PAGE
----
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The Google Search Advertising Advanced Exam builds on the concepts and objectives of the Google Advertising Fundamentals Exam. In this article, Joseph Phillips walks you through the exam objectives you'll need to understand in order to earn your Google certification.
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If you've passed the Google Advertising Fundamentals exam, your next step to certifying yourself as a Google Individual or your company is to pass one of the advanced exams. You've three to choose from (decisions, decisions!), and the most logical step is the Search Advertising Advanced Exam. I say it's the most logical step as it has many of the same objectives and concepts you've already mastered with the Google Advertising Fundamentals exam.

The Search Advertising Advanced exam requires that you earn an 80 percent to pass the test. You'll be faced with 120 questions to answer within 120 minutes (for the math-challenged, that's one question per minute). This exam, like all of the Google Certification exams, costs $50 and you'll complete the test online through the exam browser. You'll need to be well-versed in the concepts of online advertising, account management, and search advertising.

For starters you'll want to check out the free AdWords Certification Program Learning Center. This page provides you with detailed explanations of the exam objectives and video training, and you can see which exam objectives overlap with the Google Advertising Fundamentals exam that you've already completed (I'm assuming you've taken the Fundamentals exam before you attempt the advanced exam).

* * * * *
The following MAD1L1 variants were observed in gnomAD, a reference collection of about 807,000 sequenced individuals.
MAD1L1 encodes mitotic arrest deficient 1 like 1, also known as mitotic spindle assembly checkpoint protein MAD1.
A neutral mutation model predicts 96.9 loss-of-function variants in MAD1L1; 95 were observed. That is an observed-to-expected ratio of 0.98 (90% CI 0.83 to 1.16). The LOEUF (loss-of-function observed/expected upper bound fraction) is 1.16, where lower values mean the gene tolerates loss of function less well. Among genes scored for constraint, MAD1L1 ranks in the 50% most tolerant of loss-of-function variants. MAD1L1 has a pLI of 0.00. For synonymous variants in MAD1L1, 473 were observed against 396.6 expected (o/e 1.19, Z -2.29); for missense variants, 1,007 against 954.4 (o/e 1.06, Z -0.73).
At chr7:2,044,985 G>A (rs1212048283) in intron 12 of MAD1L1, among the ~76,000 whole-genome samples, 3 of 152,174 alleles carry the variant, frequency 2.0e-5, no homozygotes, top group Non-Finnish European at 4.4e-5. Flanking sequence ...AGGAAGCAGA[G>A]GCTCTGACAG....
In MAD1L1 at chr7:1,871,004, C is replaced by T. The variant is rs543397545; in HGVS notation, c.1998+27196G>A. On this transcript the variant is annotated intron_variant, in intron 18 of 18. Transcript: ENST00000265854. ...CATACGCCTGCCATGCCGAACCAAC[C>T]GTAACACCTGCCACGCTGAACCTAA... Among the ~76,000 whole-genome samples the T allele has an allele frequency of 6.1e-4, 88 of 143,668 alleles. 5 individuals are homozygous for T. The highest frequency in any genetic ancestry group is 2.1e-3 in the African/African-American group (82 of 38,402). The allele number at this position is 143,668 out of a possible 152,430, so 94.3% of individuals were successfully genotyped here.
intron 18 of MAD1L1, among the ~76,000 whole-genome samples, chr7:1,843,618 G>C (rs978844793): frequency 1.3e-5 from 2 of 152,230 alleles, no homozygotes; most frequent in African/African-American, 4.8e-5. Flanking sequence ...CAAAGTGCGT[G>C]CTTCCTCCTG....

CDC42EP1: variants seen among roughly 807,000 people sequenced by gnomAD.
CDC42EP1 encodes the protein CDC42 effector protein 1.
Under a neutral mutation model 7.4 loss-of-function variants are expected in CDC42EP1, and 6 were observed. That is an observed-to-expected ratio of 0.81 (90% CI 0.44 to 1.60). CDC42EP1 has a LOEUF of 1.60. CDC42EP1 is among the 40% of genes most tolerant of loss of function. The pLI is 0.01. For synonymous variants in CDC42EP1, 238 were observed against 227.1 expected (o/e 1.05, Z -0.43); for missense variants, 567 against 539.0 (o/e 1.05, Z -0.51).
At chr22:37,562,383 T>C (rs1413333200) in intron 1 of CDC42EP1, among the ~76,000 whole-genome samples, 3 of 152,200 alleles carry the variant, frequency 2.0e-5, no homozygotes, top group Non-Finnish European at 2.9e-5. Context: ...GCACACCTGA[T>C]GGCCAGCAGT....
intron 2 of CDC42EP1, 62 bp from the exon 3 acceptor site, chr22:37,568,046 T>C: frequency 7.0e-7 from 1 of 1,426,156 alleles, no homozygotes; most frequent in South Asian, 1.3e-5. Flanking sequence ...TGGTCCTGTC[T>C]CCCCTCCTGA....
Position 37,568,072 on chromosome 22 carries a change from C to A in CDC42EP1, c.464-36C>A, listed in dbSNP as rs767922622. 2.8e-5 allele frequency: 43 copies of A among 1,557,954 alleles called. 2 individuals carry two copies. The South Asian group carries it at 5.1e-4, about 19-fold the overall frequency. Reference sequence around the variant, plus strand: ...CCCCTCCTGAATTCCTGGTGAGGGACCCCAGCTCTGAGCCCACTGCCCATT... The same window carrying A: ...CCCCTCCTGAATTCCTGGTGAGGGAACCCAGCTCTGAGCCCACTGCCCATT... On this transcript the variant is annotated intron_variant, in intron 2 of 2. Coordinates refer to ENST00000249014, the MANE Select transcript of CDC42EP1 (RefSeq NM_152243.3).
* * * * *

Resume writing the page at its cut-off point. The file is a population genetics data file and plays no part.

Let's take a gander at the objectives for this exam.

Introduction to AdWords

Like the Fundamentals exam, you'll be tested on what search engine marketing is and how online advertising plays a role in helping businesses sell more products and services. You'll compare and contrast search engine optimization (SEO) and search engine marketing (SEM).

One of the concepts you'll see throughout search advertising is direct response advertising versus branding advertising. Direct response means you want the user to do something after they click your ad, such as make a purchase or sign up for a newsletter. Branding is when you want people to become aware of your product or service—not necessarily a call to action, but that's nice too. Depending on what the purpose of the ad is, direct response or branding, will determine the how you'll administer your AdWords Account for your company and clients.

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